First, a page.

by Carole Jackson, Bottom Line Health
Maybe you are the type of person who is perfectly happy just knowing that certain foods (berries, for instance) are really good for you… or maybe you are the type who wants to know exactly how and why. If, like me, you fall into the second group, youâll enjoy knowing that eating lots of berries is like regularly doing a fresh “spring cleaning” of your brain. Recent research shows that berries activate the brainâs natural “housekeeping” mechanism to clean out toxic proteins that build up over time and cause memory loss and other forms of mental decline.
I learned this intriguing bit of information from Shibu Poulose, PhD, a molecular biologist at the USDAâs Human Nutrition Research Center on Aging at Tufts University in Boston.
With his colleagues at the USDA lab at Tufts, Dr. Poulose studies how blueberries, strawberries, acai and other berries (along with nuts) support brain health. Past research had demonstrated that berriesâ high level of polyphenols, especially a class of flavonoids known as anthocyanins, possess powerful antioxidant and anti-inflammatory properties thought to protect cognitive function. Now we know more.
Mopping Up the Mess
The brain regularly consumes huge amounts of oxygen — 20% of our intake at rest and much more when we are actively thinking. All this activity generates a heavy load of oxidants and toxic proteins that build up in brain cells, damaging and even destroying them, perhaps contributing to neurological illnesses such as dementia, Alzheimerâs and Parkinsonâs disease.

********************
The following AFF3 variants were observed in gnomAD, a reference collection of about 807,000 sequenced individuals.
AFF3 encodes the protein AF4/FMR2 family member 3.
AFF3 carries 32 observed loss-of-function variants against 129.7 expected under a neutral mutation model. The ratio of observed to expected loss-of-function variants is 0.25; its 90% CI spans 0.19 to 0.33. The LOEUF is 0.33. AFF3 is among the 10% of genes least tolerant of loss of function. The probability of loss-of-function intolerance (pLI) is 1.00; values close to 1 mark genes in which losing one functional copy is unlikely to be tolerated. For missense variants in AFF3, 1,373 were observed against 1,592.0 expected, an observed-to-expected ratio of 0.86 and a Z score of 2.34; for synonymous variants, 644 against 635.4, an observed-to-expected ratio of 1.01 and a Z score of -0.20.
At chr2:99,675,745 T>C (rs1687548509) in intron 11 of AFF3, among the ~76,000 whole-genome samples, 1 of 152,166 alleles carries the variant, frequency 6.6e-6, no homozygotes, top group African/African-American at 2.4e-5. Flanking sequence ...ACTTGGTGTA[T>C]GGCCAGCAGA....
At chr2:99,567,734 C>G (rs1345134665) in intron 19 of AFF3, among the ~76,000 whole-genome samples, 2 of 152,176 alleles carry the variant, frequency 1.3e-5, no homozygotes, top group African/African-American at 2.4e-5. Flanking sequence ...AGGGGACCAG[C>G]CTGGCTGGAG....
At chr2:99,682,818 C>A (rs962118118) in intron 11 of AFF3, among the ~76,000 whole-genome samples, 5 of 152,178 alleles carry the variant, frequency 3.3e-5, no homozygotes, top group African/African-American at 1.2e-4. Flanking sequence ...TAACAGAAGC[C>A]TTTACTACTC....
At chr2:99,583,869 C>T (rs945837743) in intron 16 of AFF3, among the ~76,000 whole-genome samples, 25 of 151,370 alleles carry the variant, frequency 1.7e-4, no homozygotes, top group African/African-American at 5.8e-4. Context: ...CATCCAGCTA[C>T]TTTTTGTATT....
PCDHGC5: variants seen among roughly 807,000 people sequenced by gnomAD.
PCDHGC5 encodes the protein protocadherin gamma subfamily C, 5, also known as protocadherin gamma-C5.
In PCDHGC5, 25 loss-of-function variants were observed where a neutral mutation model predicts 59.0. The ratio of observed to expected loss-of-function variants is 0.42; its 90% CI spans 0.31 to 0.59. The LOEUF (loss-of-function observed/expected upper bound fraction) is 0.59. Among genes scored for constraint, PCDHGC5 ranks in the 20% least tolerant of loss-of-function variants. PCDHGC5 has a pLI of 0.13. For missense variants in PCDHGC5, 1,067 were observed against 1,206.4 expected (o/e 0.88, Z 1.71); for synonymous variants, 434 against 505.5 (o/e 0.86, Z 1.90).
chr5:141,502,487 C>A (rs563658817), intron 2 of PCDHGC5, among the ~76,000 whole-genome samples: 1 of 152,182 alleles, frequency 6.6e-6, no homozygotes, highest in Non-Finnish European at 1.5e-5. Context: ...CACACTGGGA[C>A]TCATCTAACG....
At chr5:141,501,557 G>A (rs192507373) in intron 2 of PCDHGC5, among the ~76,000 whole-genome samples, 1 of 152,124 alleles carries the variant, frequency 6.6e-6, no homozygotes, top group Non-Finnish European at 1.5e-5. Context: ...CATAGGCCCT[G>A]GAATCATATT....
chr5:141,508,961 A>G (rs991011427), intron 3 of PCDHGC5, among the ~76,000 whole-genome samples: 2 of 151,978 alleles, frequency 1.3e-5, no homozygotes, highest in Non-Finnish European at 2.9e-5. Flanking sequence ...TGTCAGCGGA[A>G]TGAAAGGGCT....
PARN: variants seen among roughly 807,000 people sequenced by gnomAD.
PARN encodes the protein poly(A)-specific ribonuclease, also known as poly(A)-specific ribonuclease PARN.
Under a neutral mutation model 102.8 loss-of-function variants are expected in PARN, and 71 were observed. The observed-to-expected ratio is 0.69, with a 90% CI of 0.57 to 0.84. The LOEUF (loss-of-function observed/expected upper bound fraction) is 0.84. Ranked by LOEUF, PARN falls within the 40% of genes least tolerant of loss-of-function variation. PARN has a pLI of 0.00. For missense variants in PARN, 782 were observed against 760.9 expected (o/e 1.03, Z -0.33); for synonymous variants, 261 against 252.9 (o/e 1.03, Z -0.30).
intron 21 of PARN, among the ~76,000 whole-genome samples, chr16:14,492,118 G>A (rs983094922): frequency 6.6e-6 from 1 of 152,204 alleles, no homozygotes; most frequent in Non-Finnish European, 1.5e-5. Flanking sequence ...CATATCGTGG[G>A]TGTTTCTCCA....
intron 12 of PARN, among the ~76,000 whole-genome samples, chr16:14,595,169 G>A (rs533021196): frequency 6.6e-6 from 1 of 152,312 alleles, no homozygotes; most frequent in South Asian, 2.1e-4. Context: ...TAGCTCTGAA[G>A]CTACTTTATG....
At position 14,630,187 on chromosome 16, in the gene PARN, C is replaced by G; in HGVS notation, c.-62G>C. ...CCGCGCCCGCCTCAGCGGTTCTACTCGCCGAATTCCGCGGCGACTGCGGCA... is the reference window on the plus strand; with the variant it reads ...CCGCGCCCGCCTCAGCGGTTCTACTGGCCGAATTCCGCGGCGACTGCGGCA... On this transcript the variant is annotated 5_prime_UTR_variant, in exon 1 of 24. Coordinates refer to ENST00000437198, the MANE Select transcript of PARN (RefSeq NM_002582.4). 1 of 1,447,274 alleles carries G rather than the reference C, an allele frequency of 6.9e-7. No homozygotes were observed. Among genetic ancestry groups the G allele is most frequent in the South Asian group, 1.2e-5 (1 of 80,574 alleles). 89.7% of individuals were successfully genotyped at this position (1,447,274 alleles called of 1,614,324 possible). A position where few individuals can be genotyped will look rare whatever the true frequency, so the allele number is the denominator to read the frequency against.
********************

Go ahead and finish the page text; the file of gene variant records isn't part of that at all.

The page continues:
Autophagy — the scientific name for a cellâs natural housekeeping mechanism — normally breaks down, recycles and removes these waste products, with cells called microglia acting as the housekeepers. But as microglia become less efficient in aging brains, toxic debris accumulates and interferes with mental function.
The new research finding: Using cultures of mouse brain cells, Dr. Poulose discovered that berry extracts restore the brainâs natural housekeeping mechanism and prevent age-related brain-cell degeneration by activating genes responsible for toxic protein disposal. In related research, investigators found that walnut extract — an excellent source of alpha-linolenic acid (ALA) and other antioxidant polyphenols — also decreases inflammation and encourages good neural housekeeping. Note: Flaxseed oil has the highest concentration of ALA.
Dr. Poulose presented these findings at the 240th National Meeting of the American Chemical Society in August 2010. Another scientist, Barbara Shukitt-Hale, PhD (lead scientist of the Neuroscience Lab at USDA-HNRCA) and colleagues are now initiating a study of berry-containing diets in older men and women, with the ultimate goal of applying their results to human brain health.
Meanwhile, to keep your housekeeping cells hard at work and optimize your mental health in later years, Dr. Poulose advises eating plenty of polyphenol-rich, brightly colored fruits and vegetables. Include not just berries (frozen and fresh are both OK) in your diet, but also a variety of produce with deep bluish purple, red and orange hues (eggplant, beets, purple grapes, pomegranates, sweet potatoes, carrots, etc.). These colors come from antioxidant anthocyanin pigments. And while youâre at it, enjoy some raw walnuts — about an ounce a day. Theyâll do your brain good!
Shibu Poulose, PhD, a molecular biologist at the United States Department of Agricultureâs Human Nutrition Research Center on Aging at Tufts University in Boston.